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Tuesday, February 26, 2002
 Roxio: Burning Its Way to Bigger Things?
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Message Text: These days, it's pretty rare for any company, let alone a high-tech outfit, to raise its guidance for revenues and earnings per share. But that's just what Roxio, which makes popular CD-burning software, did on Feb. 25. Thanks to its acquisition of Toronto software company MGI and brisk holiday sales, revenues for fiscal 2002 [ending Mar. 30] are expected to total $142 million, up 5% from its original projection of $135 million. Earnings will come in at 91 cents per share, up from 89 cents forecast earlier.

The fact that the digital-media sector is littered with failures makes Roxio's performance all the more impressive. The company, which went public in May, 2001, has been profitable throughout its six-year history. And analysts expect Roxio to keep growing. Its products, which include software for CD and DVD burning, photo and video editing, and data recovery, dominate some of the high-tech sector's most explosive markets.

The number of CD burners will increase from 120 million in 2001 to 546 million in 2005, according to market research firm International Data Corp [IDC]. DVD burning is also expected to take off. In 2001, IDC reports just 2.4 million DVD burners were sold. By 2005, that number will be higher than 72 million, a compound annual growth rate of 135%. Those trends could translate into big sales and even bigger profits for Roxio. With the stock trading at around $15, as of Feb. 22, analysts say now could be a good time to buy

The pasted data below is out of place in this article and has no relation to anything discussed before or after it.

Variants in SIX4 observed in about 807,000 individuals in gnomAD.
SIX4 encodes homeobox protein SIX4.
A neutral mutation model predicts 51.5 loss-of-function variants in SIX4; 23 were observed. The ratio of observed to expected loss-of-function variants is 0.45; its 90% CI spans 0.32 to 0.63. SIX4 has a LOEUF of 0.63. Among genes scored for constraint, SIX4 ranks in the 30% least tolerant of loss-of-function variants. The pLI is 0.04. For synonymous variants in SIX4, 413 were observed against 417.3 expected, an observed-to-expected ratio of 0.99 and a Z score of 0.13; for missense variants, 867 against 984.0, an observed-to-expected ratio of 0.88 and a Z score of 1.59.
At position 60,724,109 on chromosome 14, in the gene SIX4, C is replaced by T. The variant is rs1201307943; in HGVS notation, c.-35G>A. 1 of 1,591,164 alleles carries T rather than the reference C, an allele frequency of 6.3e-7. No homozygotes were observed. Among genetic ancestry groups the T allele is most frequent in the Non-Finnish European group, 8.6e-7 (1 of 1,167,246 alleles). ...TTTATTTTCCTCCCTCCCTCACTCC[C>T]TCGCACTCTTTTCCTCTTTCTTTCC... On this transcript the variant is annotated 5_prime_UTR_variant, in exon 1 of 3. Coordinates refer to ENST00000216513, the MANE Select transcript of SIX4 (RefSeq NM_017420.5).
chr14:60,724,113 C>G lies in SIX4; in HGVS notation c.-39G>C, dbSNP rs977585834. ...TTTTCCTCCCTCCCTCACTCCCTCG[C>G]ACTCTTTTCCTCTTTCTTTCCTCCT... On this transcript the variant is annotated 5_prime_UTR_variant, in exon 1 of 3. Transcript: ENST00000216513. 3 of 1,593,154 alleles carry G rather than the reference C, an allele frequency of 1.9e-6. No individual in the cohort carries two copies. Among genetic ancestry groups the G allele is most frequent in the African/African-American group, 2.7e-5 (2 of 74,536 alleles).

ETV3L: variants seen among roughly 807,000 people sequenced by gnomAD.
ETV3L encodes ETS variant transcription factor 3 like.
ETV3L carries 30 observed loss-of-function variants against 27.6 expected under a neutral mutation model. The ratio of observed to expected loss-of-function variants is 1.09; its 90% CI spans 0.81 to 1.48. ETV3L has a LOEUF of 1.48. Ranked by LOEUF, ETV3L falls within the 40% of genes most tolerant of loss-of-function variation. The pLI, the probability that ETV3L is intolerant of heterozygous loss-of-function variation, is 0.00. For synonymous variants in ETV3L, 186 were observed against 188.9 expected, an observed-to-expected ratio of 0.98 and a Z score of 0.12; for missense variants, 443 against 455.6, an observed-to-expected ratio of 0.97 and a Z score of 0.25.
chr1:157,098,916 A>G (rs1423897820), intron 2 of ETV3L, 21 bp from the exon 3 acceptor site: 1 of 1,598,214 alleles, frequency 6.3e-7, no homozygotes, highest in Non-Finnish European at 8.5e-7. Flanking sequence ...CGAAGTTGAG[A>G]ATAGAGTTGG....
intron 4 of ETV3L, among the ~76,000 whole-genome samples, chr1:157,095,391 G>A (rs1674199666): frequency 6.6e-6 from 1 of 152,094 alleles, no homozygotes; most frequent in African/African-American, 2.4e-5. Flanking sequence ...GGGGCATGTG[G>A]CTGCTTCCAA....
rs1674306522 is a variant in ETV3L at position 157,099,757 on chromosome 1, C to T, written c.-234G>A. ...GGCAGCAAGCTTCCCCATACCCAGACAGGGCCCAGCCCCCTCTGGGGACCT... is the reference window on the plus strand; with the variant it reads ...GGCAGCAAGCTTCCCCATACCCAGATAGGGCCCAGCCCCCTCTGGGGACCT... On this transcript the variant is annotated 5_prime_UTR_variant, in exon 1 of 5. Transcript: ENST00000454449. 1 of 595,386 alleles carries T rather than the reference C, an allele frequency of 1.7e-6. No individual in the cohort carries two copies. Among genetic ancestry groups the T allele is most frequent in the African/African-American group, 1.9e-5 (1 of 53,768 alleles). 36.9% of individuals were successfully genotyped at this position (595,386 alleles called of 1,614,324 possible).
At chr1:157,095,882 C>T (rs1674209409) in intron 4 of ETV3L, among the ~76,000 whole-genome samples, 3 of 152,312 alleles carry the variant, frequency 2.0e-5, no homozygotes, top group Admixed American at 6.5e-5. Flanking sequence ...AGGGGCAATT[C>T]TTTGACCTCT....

Roxio isn't resting on its laurels. ``The good news is we own the market. The bad news is that there are 400 million new customers coming who don't know it,'' says CEO Chris Gorog. So, the company has launched a $20 million advertising campaign to establish itself as the ``Nike of CD burning.'' The print and broadcast ads depict people -- mostly young men -- using Roxio software to improve their lives. One ad, titled ``Scratch and Burn,'' shows a DJ burning vinyl records to CD. Another shows a happy father catching his kids in action with a digital camera.

Though some analysts disapprove of the company's splashy -- and expensive -- campaign, Gorog says marketing is critical. ``Brand creates a huge barrier to entry for competitors,'' he insists. ``If we have mind share as well as market share, it will be difficult to dislodge us.''

Roxio is also diving into new, growing markets of digital-photo and video-editing software, as well as data recovery. Its $35 million acquisition of MGI brought in popular consumer products PhotoSuite and VideoWave. ``Before MGI, they had a great niche but not much else,'' says Michael Kim, a digital-media analyst at Robertson Stephens. More important for investors, that deal also boosted the bottom line. Kim estimates that the MGI purchase will augment revenues by $23 million and add 5 cents to earnings per share in fiscal year 2003, which begins in April, 2002.
 
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